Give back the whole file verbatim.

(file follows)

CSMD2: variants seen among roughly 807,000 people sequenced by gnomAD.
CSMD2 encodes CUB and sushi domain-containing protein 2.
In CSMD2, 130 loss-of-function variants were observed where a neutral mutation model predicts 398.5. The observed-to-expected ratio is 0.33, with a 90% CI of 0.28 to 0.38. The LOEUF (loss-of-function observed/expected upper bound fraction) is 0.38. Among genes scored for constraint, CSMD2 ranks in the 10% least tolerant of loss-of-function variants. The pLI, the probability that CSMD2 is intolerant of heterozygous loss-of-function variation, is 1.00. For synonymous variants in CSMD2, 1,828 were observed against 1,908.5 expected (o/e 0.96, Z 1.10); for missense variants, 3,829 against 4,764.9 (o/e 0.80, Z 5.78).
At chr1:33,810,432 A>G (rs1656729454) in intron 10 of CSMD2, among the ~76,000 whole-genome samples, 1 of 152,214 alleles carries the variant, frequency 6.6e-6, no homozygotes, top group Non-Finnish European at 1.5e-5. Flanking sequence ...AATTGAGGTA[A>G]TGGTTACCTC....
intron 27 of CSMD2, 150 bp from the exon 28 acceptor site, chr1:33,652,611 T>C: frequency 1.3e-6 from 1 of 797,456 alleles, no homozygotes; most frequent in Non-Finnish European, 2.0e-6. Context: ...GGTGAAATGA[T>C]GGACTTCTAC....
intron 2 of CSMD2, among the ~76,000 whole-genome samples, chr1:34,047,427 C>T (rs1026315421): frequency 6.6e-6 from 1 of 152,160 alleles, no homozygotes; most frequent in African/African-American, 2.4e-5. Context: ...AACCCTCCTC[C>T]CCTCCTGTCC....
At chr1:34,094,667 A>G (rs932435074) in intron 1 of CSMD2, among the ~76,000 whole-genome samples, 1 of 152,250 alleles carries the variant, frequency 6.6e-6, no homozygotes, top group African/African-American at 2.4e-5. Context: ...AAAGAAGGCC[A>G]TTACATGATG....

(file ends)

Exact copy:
CSMD2: variants seen among roughly 807,000 people sequenced by gnomAD.
CSMD2 encodes CUB and sushi domain-containing protein 2.
In CSMD2, 130 loss-of-function variants were observed where a neutral mutation model predicts 398.5. The observed-to-expected ratio is 0.33, with a 90% CI of 0.28 to 0.38. The LOEUF (loss-of-function observed/expected upper bound fraction) is 0.38. Among genes scored for constraint, CSMD2 ranks in the 10% least tolerant of loss-of-function variants. The pLI, the probability that CSMD2 is intolerant of heterozygous loss-of-function variation, is 1.00. For synonymous variants in CSMD2, 1,828 were observed against 1,908.5 expected (o/e 0.96, Z 1.10); for missense variants, 3,829 against 4,764.9 (o/e 0.80, Z 5.78).
At chr1:33,810,432 A>G (rs1656729454) in intron 10 of CSMD2, among the ~76,000 whole-genome samples, 1 of 152,214 alleles carries the variant, frequency 6.6e-6, no homozygotes, top group Non-Finnish European at 1.5e-5. Flanking sequence ...AATTGAGGTA[A>G]TGGTTACCTC....
intron 27 of CSMD2, 150 bp from the exon 28 acceptor site, chr1:33,652,611 T>C: frequency 1.3e-6 from 1 of 797,456 alleles, no homozygotes; most frequent in Non-Finnish European, 2.0e-6. Context: ...GGTGAAATGA[T>C]GGACTTCTAC....
intron 2 of CSMD2, among the ~76,000 whole-genome samples, chr1:34,047,427 C>T (rs1026315421): frequency 6.6e-6 from 1 of 152,160 alleles, no homozygotes; most frequent in African/African-American, 2.4e-5. Context: ...AACCCTCCTC[C>T]CCTCCTGTCC....
At chr1:34,094,667 A>G (rs932435074) in intron 1 of CSMD2, among the ~76,000 whole-genome samples, 1 of 152,250 alleles carries the variant, frequency 6.6e-6, no homozygotes, top group African/African-American at 2.4e-5. Context: ...AAAGAAGGCC[A>G]TTACATGATG....